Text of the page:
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    • "Studies excluded from the review References Description Fomonm, 1959 (15) Only four children assigned sequentially to receive a soyabean infant formula Shepard, 1960 (16) Three cases of hypothyroidism potentially associated with soya intake reported Cowan, 1969 (17) Thirty children, 2– 15 months, enrolled in a before –after study; all received a soya infant formula Ament, 1972 (18) Case report of a child with flat intestinal lesions after the use of soya Halpin, 1977 (19) Analysis of soya diets in children with persistent diarrhoea Powell, 1978 (20) Report of the use of soya and cows' milk formulas and enterocolitis Naude, 1979 (21) Preterm study with only 1 month of follow-up Zoppi, 1979 (22) Non-randomised clinical trial in thirty-nine term babies assigned to a soya flour infant formula with different amounts of protein Shenai, 1981 (23) Metabolic study in preterm babies Callenbach, 1981 (24) Aetiological studies of rickets in preterm babies Gruskay, 1982 (25) Analysis of the risk of developing atopy in 15 years Poley, 1983 (26) Electron microscopy analysis of intestinal damage induced by soya Hall, 1984 (27) Study of soya formulas for preterm babies Dagan, 1984 (28) Treatment for acute diarrhoea; short-term administration Kulkarni, 1984 (29) Case series of preterm babies with rickets fed subfortified soya formulas Sutton, 1968 (30) Treatment for acute diarrhoea; short-term administration Sampson, 1988 (31) Possible aetiological mechanisms for atopic dermatitis Nutrition Review Committee, 1988 (32) Narrative review of some articles related to soya Iyngkaran, 1988 (33) Study of the intestinal absorption effects of soya in children with diarrhoea Conway, 1989 (34) Treatment for acute diarrhoea; short-term administration Chandra, 1989 (35) Comparison of cows' milk v. soya v. casein to prevent atopic dermatitis; no report of side effects Cantani, 1990 (36) Sequential use of soya; no comparison Bock, 1990 (37) Reactions during double-blind challenge tests Willoughby, 1990 (38) Neurodevelopment study in children fed soya chloride-deficient v. soya chloride-normal formulas Malloy, 1990 (39) Follow-up study of neurodevelopment in 9-year-old children fed soya chloride-deficient v. soya chloride-normal formulas Giampietro, 1992 (40) Sensitisation to soya; no other safety parameters reported Buts, 1993 (41) Use of soya in children aged 6 months to 3 years; follow-up only for 2 months Churella, 1994 (42) Analysis of two different soya formulas with different protein contents Brown, 1994 (43) Meta-analysis of soya and lactose-free milks for acute diarrhoea Burks, 1994 (44) Study of sensitisation to soya and enterocolitis induced Chorazy, 1995 (45) Case report of a child with persistent congenital hypothyroidism while being fed soya Magnolfi, 1996 (46) Study of allergy to soya; no other safety parameters reported Essex, 1996 (12) Short narrative report on cautions about soya; not evidence based Bruno, 1997 (47) Report of allergy to soya; no other safety parameters reported Jabbar, 1997 (48) Case report of three children with hypothyroidism while being fed soya Cantani, 1997 (49) Narrative review of sensitisation to soya use; no other safety parameters reported Vanderhoof, 1997 (50) Soya in acute diarrhoea; no report on safety parameters Kuiper, 1998 (51) Basic analysis of interactions of soya with tissue receptors Businco, 1998 (52) Reported use of soya formulas for the treatment or prevention of CMPA Quak, 1998 (53) Use of soya in Asia; no safety parameters reported Irvine, 1998 (54) Twenty-five children fed a cows' milk-based infant formula and four fed a soya infant formula; measurement of genistein and daidzein levels in urine; no measurement of levels in cows' milk-fed children Setchell, 1998 (10) Observations derived from one clinical study in children and in vitro studies Lucassen, 1998 (55) Systematic review of soya for colic; no safety parameters reported Burks, 1998 (56) Soya and atopic dermatitis and food hypersensitivity; no safety parameters reported American Academy of Pediatrics, 1998 (4) Narrative review of efficacy and safety Sheehan, 1998 (57) Narrative description of potential effects; evidence in children not included Irvine, 1998 (58) Measurement of isoflavone content in food products; evidence in children not included Fayad, 1999 (59) Soya in acute diarrhoea; no report on safety parameters Zeiger, 1999 (60) Soya use and allergy to soya; no report on other safety parameters Badger, 2002 (61) Narrative discussion on experimental and adult studies; some non-systematic comments on the effects of growth and bone in children fed a soya infant formula Zoppi, 1999 (62) Narrative review of safety; no evidence-based analysis Setchell, 2000 (63) Editorial about the potential effects of isoflavones; not including evidence in children Goldman, 2001 (64) Letter to editor Barret, 2002 (65) Narrative review of basic and some clinical studies related to soya; non-systematic evidence analysis Mendez, 2002 (66) Narrative review of safety of soya formula use Ostrom, 2002 (67) Effect of palmolein added to soya or hydrolysate on Ca and PO 4 intestinal absorption Main analysis focus on palm oil; no safety parameters on soya reported Klemola, 2002 (68) Focus on the frequency of allergy to soya; no other safety parameters reported Miniello, 2003 (69) Narrative discussion on experimental and adult studies; some comments on effects on growth and bone; some non-systematic comments on effects on growth and bone in children fed a soya infant formula Tuohy, 2003 (11) Narrative review of clinical and basic papers on soya toxicity Ahn, 2003 (70) Prevalence of soya protein hypersensitivity; no other safety parameters reported Stettler, 2005 (71) Retrospective cohort study on adults to analyse the risk of obesity using different infant formulas Chen, 2004 (9) Narrative review of soya infant formulas; includes studies considered in this review Hoey, 2004 (72) Correlation between the use of soya and microbiota Giampetro, 2004 (73) Forty-eight children fed with soya; no one with precocious puberty; no control group Merritt, 2004 (74) Narrative review of soya infant formulas; includes studies considered in this review Hays, 2005 (75) Use of extensively hydrolysed formulas in allergy Berger-Achituv, 2005 (76) Indications of soya formulas; no safety issues analysed Klemola, 2005 $ 90 %, a high protein digestibility and a balanced high concentration of essential amino acids (3) . "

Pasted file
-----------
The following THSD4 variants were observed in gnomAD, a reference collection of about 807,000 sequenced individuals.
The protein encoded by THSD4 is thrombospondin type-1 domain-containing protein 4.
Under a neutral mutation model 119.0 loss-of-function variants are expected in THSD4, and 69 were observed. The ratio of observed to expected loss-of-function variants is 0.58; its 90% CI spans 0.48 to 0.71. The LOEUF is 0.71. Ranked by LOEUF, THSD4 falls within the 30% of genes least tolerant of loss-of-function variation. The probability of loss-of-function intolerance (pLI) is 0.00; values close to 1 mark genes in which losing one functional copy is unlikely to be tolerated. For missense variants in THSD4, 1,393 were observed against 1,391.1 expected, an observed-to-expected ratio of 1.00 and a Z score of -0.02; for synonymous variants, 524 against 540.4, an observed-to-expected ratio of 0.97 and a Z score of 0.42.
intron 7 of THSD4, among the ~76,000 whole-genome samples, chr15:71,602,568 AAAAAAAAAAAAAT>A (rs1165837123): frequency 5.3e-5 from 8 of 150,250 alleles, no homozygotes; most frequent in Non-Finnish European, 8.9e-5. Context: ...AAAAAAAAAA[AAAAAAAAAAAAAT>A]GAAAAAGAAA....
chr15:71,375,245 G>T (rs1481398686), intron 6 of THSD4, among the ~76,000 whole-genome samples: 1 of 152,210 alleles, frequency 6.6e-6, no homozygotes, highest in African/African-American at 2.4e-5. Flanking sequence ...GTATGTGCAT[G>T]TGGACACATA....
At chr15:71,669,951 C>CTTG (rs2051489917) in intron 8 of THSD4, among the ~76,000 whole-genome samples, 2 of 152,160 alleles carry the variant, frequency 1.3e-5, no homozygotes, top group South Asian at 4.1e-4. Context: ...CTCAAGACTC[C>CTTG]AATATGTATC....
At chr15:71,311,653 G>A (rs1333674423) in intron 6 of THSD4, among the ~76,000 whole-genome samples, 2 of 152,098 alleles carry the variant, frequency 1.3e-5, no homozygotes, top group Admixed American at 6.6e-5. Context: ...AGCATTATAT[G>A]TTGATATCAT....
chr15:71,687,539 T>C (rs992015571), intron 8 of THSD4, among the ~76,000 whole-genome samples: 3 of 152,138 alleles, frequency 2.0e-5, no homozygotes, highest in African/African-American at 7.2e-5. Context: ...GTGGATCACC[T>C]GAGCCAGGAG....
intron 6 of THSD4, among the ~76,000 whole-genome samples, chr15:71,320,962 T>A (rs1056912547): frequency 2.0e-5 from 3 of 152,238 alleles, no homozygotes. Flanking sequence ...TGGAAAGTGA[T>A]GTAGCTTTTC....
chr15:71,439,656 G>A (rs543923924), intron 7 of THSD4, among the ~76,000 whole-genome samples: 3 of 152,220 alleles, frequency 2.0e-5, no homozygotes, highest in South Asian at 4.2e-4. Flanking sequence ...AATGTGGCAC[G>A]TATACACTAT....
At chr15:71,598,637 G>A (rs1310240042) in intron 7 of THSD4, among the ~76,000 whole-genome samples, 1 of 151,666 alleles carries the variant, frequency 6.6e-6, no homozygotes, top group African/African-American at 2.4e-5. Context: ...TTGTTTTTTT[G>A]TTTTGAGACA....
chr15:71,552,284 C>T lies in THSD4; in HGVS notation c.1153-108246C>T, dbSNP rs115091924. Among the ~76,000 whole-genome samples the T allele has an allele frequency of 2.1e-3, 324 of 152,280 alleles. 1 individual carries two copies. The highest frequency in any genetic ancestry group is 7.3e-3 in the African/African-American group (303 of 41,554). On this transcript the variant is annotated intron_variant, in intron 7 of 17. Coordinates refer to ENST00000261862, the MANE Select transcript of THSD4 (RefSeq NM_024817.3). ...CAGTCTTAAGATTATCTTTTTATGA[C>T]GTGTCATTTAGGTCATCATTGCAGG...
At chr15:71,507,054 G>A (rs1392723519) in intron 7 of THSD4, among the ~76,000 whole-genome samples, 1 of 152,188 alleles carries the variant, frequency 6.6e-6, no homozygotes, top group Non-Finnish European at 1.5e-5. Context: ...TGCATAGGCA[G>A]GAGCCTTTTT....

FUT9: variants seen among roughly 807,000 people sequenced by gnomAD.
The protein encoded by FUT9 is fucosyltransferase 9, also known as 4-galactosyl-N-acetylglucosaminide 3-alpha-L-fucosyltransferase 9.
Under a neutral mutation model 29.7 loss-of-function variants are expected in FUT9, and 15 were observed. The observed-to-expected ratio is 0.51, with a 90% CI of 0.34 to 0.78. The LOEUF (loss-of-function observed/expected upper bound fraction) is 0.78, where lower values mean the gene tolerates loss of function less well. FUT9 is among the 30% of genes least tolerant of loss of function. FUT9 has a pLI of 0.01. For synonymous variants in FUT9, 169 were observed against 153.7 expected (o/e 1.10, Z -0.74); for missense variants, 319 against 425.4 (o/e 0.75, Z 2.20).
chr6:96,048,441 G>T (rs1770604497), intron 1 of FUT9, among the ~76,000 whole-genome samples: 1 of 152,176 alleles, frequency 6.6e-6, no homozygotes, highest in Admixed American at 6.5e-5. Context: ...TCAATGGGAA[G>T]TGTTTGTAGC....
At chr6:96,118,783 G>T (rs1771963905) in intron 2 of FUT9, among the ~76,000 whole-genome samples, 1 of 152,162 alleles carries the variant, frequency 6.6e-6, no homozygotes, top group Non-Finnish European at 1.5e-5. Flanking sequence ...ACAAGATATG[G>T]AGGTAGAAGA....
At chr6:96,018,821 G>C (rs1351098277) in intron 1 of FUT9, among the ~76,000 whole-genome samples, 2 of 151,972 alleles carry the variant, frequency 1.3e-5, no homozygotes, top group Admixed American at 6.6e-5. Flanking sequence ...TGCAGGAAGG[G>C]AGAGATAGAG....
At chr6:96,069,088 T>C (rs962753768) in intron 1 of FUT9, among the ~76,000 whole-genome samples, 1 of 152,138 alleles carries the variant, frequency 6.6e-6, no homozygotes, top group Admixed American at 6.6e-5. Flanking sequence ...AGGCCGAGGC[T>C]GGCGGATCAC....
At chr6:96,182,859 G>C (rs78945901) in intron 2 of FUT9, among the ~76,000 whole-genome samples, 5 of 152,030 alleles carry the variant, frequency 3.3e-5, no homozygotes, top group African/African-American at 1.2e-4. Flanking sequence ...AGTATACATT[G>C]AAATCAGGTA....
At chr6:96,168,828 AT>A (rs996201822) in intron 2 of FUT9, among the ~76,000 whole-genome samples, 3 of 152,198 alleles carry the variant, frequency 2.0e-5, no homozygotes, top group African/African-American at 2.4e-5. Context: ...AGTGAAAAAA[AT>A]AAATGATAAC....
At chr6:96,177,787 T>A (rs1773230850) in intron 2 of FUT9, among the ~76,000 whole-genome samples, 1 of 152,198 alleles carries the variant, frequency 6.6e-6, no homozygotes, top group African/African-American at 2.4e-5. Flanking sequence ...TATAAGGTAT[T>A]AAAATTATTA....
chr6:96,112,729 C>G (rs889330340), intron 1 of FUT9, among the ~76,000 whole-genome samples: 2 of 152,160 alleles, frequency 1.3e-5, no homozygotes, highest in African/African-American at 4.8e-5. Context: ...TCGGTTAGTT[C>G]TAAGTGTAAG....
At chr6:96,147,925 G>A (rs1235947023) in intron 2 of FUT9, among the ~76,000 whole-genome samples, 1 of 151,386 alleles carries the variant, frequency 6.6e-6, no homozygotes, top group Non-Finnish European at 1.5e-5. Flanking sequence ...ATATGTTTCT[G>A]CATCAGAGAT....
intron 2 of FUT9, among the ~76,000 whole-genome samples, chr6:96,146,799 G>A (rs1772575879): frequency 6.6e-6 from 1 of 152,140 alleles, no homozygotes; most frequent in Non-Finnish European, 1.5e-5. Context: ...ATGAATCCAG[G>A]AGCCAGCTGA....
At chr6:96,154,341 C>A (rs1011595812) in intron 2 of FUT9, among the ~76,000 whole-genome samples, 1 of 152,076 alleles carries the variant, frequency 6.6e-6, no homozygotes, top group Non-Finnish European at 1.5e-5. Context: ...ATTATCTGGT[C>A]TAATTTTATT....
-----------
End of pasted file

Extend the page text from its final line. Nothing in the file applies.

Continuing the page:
[Show abstract] [Hide abstract]